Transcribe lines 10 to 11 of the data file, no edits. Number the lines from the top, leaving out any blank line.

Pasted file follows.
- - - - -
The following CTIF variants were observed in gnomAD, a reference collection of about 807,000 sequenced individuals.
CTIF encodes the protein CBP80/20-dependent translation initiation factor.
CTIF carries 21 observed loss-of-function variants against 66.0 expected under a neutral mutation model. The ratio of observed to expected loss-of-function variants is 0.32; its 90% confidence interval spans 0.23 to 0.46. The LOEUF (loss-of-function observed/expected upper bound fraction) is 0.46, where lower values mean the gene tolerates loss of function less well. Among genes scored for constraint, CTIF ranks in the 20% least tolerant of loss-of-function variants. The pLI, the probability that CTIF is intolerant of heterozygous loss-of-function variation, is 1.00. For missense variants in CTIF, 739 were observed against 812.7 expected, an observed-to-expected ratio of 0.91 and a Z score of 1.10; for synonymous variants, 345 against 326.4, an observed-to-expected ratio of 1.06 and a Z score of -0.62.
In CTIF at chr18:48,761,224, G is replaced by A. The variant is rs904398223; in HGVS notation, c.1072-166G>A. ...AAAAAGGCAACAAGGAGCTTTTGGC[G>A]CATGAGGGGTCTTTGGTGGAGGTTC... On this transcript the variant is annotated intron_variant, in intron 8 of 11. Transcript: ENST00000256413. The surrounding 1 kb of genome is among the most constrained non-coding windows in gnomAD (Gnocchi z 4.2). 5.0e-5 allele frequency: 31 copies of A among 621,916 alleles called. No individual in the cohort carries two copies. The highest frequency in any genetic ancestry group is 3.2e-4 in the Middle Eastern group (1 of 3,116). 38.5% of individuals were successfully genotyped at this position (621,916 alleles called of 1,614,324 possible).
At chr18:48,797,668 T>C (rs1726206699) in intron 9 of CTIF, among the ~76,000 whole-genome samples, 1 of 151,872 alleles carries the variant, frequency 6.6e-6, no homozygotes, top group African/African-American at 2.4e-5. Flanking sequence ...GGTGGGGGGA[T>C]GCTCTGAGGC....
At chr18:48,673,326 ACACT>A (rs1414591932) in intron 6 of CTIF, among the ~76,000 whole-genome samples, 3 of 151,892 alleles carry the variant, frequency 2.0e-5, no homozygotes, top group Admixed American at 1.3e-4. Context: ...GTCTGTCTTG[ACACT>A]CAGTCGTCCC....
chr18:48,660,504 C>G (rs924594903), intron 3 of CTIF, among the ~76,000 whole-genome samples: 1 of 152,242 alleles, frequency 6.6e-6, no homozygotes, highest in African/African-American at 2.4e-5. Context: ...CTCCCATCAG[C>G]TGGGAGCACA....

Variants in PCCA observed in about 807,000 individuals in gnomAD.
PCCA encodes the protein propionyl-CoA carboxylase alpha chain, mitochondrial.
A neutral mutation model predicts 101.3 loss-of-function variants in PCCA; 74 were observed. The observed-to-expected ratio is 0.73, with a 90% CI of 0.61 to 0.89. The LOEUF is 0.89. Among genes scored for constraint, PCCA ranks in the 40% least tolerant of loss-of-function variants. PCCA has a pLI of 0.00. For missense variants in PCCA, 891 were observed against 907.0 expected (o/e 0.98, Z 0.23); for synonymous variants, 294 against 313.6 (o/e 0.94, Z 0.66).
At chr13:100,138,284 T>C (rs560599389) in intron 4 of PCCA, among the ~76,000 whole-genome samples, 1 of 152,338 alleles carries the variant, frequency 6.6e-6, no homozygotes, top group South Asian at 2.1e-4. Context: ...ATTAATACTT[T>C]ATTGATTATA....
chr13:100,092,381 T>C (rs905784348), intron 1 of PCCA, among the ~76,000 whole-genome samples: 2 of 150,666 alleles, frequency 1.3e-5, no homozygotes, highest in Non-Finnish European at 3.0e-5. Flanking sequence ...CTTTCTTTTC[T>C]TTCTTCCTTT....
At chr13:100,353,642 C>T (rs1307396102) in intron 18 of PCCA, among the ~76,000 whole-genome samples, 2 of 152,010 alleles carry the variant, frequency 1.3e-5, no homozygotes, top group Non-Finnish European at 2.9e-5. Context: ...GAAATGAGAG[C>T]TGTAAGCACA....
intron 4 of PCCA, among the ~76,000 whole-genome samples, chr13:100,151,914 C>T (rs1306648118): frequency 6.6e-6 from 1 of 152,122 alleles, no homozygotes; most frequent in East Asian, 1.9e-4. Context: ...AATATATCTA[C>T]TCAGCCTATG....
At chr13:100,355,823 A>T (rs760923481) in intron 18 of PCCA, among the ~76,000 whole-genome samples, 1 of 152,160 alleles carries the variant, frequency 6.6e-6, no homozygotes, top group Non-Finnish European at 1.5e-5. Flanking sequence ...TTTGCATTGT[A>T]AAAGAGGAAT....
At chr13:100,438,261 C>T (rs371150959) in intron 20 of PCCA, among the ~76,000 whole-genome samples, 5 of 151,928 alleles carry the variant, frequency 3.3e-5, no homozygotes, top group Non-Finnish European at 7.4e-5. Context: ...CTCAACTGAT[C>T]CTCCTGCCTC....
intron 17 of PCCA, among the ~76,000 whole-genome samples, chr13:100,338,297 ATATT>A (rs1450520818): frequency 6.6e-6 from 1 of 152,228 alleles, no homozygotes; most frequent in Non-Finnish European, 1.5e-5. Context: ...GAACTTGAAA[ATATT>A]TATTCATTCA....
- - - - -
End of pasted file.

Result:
A neutral mutation model predicts 101.3 loss-of-function variants in PCCA; 74 were observed. The observed-to-expected ratio is 0.73, with a 90% CI of 0.61 to 0.89. The LOEUF is 0.89. Among genes scored for constraint, PCCA ranks in the 40% least tolerant of loss-of-function variants. PCCA has a pLI of 0.00. For missense variants in PCCA, 891 were observed against 907.0 expected (o/e 0.98, Z 0.23); for synonymous variants, 294 against 313.6 (o/e 0.94, Z 0.66).
At chr13:100,138,284 T>C (rs560599389) in intron 4 of PCCA, among the ~76,000 whole-genome samples, 1 of 152,338 alleles carries the variant, frequency 6.6e-6, no homozygotes, top group South Asian at 2.1e-4. Context: ...ATTAATACTT[T>C]ATTGATTATA....